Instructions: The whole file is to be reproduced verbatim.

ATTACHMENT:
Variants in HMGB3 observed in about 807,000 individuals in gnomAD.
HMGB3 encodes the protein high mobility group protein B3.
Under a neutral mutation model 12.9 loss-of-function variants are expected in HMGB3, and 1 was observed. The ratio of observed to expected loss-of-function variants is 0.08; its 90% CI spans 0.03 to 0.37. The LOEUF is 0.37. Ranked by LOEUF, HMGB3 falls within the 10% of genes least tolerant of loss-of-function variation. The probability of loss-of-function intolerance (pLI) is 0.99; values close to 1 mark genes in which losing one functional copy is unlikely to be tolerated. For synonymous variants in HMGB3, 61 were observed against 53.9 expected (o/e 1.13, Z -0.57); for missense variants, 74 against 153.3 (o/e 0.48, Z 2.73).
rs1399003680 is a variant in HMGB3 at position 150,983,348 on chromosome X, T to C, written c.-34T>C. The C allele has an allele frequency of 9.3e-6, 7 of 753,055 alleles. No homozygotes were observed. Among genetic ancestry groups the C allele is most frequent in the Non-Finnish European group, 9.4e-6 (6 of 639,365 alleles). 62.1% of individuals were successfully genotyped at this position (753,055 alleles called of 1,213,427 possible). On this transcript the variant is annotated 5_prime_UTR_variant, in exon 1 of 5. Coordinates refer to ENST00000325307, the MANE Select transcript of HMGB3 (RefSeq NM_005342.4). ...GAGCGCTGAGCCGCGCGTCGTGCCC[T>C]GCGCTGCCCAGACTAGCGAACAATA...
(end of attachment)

Variants in HMGB3 observed in about 807,000 individuals in gnomAD.
HMGB3 encodes the protein high mobility group protein B3.
Under a neutral mutation model 12.9 loss-of-function variants are expected in HMGB3, and 1 was observed. The ratio of observed to expected loss-of-function variants is 0.08; its 90% CI spans 0.03 to 0.37. The LOEUF is 0.37. Ranked by LOEUF, HMGB3 falls within the 10% of genes least tolerant of loss-of-function variation. The probability of loss-of-function intolerance (pLI) is 0.99; values close to 1 mark genes in which losing one functional copy is unlikely to be tolerated. For synonymous variants in HMGB3, 61 were observed against 53.9 expected (o/e 1.13, Z -0.57); for missense variants, 74 against 153.3 (o/e 0.48, Z 2.73).
rs1399003680 is a variant in HMGB3 at position 150,983,348 on chromosome X, T to C, written c.-34T>C. The C allele has an allele frequency of 9.3e-6, 7 of 753,055 alleles. No homozygotes were observed. Among genetic ancestry groups the C allele is most frequent in the Non-Finnish European group, 9.4e-6 (6 of 639,365 alleles). 62.1% of individuals were successfully genotyped at this position (753,055 alleles called of 1,213,427 possible). On this transcript the variant is annotated 5_prime_UTR_variant, in exon 1 of 5. Coordinates refer to ENST00000325307, the MANE Select transcript of HMGB3 (RefSeq NM_005342.4). ...GAGCGCTGAGCCGCGCGTCGTGCCC[T>C]GCGCTGCCCAGACTAGCGAACAATA...